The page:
Long-awaiting regulations on mad cow disease, falconry and drug compounding will be issued in Wednesday’s edition of the Federal Register.
Here’s a peek at what’s on the way:
The U.S. Department of Agriculture is changing the import rules to protect against mad cow disease.
The agency is establishing a new system for classifying regions around the globe in terms of their risk of the brain disease, which can be fatal, based on a system used by the World Organization for Animal Health.
The rule change was first announced in November, and lawmakers said that it would allow U.S. beef to enter more foreign markets.
The Food and Drug Administration (FDA) is taking action to implement a new law aimed at protecting the nation’s drug supply.
The agency is working on lists of drugs that can pose a problem for compounding pharmacies, which mix drugs to make new batches, and of substances those compounders can use to make new medicine. At the same time, the FDA is also withdrawing an old proposal to list the drug substances used in compounding.
The Fish and Wildlife Service is allowing states to take on the responsibilities of permitting the use of birds like falcons for hunting.
When the rule takes effect on Jan. 1, federal permits will no longer be required to practice falconry in states with their own rules.
The action came in response to a request from 17 states.
The Environmental Protection Agency (EPA) is amending some of its rules under the Toxic Substances Control Act to require that companies use electronic systems to notify the agency about their chemicals.
“EPA is requiring the use of electronic reporting in order to minimize the paperwork burden associated with the underlying regulatory requirements and to minimize the cost to the Federal Government of the creation, collection, maintenance, use, dissemination, and disposition of information,” it said.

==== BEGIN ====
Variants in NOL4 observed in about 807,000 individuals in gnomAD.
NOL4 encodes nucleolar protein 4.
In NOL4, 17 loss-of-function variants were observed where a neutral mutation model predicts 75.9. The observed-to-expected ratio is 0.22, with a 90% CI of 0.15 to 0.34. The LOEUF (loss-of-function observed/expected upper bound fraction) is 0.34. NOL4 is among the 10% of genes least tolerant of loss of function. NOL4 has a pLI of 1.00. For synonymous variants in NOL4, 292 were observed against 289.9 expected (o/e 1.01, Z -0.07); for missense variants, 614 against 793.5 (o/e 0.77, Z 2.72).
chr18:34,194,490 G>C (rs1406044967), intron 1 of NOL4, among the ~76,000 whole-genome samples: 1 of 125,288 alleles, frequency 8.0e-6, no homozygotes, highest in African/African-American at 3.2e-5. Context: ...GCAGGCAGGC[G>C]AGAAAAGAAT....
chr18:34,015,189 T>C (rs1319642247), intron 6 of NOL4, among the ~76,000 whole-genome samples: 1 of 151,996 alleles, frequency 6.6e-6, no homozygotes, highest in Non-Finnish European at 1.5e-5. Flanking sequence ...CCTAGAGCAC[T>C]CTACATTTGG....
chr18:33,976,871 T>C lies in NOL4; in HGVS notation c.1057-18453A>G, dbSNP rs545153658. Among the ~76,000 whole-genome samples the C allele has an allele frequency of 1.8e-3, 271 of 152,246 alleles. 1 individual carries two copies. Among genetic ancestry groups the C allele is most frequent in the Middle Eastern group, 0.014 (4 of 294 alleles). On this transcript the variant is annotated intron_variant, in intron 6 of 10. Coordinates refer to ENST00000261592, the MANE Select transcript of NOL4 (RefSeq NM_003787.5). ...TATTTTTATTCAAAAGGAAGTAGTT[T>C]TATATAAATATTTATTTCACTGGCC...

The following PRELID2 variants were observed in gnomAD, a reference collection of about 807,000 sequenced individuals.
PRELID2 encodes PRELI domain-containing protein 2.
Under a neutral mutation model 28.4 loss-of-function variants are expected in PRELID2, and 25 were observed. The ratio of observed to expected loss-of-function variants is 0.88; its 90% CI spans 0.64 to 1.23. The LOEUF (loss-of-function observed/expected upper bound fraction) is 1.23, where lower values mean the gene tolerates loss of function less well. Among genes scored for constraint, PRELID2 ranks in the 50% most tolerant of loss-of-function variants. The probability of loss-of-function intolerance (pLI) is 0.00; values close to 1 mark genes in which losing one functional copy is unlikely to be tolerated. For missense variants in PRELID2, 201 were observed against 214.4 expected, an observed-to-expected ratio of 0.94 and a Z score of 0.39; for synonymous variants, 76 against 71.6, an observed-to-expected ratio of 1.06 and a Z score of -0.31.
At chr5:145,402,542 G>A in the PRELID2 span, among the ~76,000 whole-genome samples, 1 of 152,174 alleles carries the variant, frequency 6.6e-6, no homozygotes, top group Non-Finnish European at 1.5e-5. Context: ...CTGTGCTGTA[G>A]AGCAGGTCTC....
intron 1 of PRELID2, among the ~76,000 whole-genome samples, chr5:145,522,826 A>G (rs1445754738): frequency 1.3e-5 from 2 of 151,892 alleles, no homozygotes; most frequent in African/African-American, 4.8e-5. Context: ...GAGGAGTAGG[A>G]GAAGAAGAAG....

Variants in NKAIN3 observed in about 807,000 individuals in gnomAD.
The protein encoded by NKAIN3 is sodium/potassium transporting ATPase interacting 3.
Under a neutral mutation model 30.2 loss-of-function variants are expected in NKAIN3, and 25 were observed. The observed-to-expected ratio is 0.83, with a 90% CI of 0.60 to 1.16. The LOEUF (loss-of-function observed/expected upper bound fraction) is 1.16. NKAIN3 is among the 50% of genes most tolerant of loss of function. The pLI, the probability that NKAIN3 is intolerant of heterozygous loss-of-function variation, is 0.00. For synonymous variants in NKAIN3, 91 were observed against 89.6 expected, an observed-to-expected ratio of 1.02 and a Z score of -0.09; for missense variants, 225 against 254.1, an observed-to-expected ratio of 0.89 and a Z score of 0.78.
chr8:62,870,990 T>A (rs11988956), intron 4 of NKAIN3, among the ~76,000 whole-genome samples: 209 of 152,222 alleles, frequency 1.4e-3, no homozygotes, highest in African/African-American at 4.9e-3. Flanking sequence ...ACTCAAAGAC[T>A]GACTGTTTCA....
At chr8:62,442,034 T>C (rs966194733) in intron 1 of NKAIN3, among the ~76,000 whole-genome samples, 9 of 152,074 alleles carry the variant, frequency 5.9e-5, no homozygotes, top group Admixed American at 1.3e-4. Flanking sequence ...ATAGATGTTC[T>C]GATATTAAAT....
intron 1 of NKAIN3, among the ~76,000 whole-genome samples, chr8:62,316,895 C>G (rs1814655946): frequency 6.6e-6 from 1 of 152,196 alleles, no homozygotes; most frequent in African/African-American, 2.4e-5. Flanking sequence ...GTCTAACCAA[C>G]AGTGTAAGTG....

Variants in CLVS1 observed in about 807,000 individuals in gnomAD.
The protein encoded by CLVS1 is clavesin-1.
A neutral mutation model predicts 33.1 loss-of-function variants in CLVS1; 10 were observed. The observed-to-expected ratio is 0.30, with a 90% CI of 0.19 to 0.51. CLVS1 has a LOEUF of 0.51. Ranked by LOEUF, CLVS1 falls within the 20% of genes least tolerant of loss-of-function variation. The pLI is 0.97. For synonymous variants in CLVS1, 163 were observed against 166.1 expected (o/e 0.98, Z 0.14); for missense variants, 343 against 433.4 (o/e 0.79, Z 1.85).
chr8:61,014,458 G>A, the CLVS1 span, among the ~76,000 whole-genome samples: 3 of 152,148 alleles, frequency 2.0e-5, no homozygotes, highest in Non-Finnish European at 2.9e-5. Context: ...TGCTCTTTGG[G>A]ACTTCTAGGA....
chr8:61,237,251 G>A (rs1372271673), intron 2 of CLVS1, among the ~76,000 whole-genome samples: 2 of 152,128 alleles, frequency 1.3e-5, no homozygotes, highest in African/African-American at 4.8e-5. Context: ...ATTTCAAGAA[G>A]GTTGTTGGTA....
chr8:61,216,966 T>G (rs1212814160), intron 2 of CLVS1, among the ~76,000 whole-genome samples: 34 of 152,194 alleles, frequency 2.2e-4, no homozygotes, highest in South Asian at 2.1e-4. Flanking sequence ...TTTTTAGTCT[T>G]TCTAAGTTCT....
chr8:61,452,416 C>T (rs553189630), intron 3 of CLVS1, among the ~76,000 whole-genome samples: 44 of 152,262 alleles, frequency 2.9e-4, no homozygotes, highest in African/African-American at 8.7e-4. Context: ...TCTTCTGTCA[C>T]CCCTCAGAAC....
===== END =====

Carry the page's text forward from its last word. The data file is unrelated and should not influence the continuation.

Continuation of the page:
The Federal Reserve and the Financial Crimes Enforcement Network, which works out of the Treasury Department, are jointly issuing rules clarifying when money transfers are covered by their regulations.
The Federal Energy Regulatory Commission is issuing a regulation specifying where some power facilities’ auxiliary installations need to be placed.
The Federal Communications Commission is proposing to make changes to licensing and technical rules for a band of the spectrum.
Fishing and water animals:
Fishing regulators are allowing fishers to catch Pacific ocean perch in the Bering Sea in order to fulfill the annual quota.
The Commerce Department is also issuing rules allowing some marine mammals to be unintentionally disturbed or killed during Navy training exercises through November 2018.
The Department of Education is reopening the comment period on a proposal to expand some of its programs and projects.